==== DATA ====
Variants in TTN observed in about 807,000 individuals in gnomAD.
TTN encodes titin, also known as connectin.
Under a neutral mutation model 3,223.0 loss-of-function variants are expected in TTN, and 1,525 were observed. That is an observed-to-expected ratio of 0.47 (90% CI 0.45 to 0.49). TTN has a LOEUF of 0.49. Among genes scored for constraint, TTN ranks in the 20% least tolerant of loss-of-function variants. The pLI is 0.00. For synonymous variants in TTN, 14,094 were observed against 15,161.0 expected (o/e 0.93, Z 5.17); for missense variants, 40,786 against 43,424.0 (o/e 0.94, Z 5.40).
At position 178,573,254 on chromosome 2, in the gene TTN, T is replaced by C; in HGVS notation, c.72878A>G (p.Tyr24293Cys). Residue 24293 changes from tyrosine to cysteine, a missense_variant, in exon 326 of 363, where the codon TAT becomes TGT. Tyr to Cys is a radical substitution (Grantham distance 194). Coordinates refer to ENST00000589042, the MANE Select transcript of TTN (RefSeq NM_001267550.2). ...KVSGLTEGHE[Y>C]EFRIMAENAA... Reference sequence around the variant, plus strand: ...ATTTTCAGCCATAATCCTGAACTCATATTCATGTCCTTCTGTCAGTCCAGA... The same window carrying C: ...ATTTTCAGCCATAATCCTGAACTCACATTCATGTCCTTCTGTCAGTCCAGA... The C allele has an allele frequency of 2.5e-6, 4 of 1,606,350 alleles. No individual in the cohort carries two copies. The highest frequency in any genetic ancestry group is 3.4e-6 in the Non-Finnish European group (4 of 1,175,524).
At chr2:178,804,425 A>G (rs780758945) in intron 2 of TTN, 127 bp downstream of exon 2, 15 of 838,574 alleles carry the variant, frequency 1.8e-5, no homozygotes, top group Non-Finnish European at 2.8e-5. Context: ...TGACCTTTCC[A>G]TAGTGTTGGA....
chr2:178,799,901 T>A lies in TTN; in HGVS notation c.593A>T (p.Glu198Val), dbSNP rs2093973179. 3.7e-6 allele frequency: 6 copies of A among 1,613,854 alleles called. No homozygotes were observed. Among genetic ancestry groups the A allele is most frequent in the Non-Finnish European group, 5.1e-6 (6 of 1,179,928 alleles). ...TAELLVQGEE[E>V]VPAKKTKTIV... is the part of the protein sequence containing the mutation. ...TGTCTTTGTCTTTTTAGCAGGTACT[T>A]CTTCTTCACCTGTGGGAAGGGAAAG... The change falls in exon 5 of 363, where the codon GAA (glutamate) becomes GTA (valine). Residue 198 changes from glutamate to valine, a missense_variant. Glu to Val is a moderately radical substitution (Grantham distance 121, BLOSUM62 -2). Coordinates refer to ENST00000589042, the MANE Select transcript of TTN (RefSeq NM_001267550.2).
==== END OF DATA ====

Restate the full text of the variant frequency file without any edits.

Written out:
Variants in TTN observed in about 807,000 individuals in gnomAD.
TTN encodes titin, also known as connectin.
Under a neutral mutation model 3,223.0 loss-of-function variants are expected in TTN, and 1,525 were observed. That is an observed-to-expected ratio of 0.47 (90% CI 0.45 to 0.49). TTN has a LOEUF of 0.49. Among genes scored for constraint, TTN ranks in the 20% least tolerant of loss-of-function variants. The pLI is 0.00. For synonymous variants in TTN, 14,094 were observed against 15,161.0 expected (o/e 0.93, Z 5.17); for missense variants, 40,786 against 43,424.0 (o/e 0.94, Z 5.40).
At position 178,573,254 on chromosome 2, in the gene TTN, T is replaced by C; in HGVS notation, c.72878A>G (p.Tyr24293Cys). Residue 24293 changes from tyrosine to cysteine, a missense_variant, in exon 326 of 363, where the codon TAT becomes TGT. Tyr to Cys is a radical substitution (Grantham distance 194). Coordinates refer to ENST00000589042, the MANE Select transcript of TTN (RefSeq NM_001267550.2). ...KVSGLTEGHE[Y>C]EFRIMAENAA... Reference sequence around the variant, plus strand: ...ATTTTCAGCCATAATCCTGAACTCATATTCATGTCCTTCTGTCAGTCCAGA... The same window carrying C: ...ATTTTCAGCCATAATCCTGAACTCACATTCATGTCCTTCTGTCAGTCCAGA... The C allele has an allele frequency of 2.5e-6, 4 of 1,606,350 alleles. No individual in the cohort carries two copies. The highest frequency in any genetic ancestry group is 3.4e-6 in the Non-Finnish European group (4 of 1,175,524).
At chr2:178,804,425 A>G (rs780758945) in intron 2 of TTN, 127 bp downstream of exon 2, 15 of 838,574 alleles carry the variant, frequency 1.8e-5, no homozygotes, top group Non-Finnish European at 2.8e-5. Context: ...TGACCTTTCC[A>G]TAGTGTTGGA....
chr2:178,799,901 T>A lies in TTN; in HGVS notation c.593A>T (p.Glu198Val), dbSNP rs2093973179. 3.7e-6 allele frequency: 6 copies of A among 1,613,854 alleles called. No homozygotes were observed. Among genetic ancestry groups the A allele is most frequent in the Non-Finnish European group, 5.1e-6 (6 of 1,179,928 alleles). ...TAELLVQGEE[E>V]VPAKKTKTIV... is the part of the protein sequence containing the mutation. ...TGTCTTTGTCTTTTTAGCAGGTACT[T>A]CTTCTTCACCTGTGGGAAGGGAAAG... The change falls in exon 5 of 363, where the codon GAA (glutamate) becomes GTA (valine). Residue 198 changes from glutamate to valine, a missense_variant. Glu to Val is a moderately radical substitution (Grantham distance 121, BLOSUM62 -2). Coordinates refer to ENST00000589042, the MANE Select transcript of TTN (RefSeq NM_001267550.2).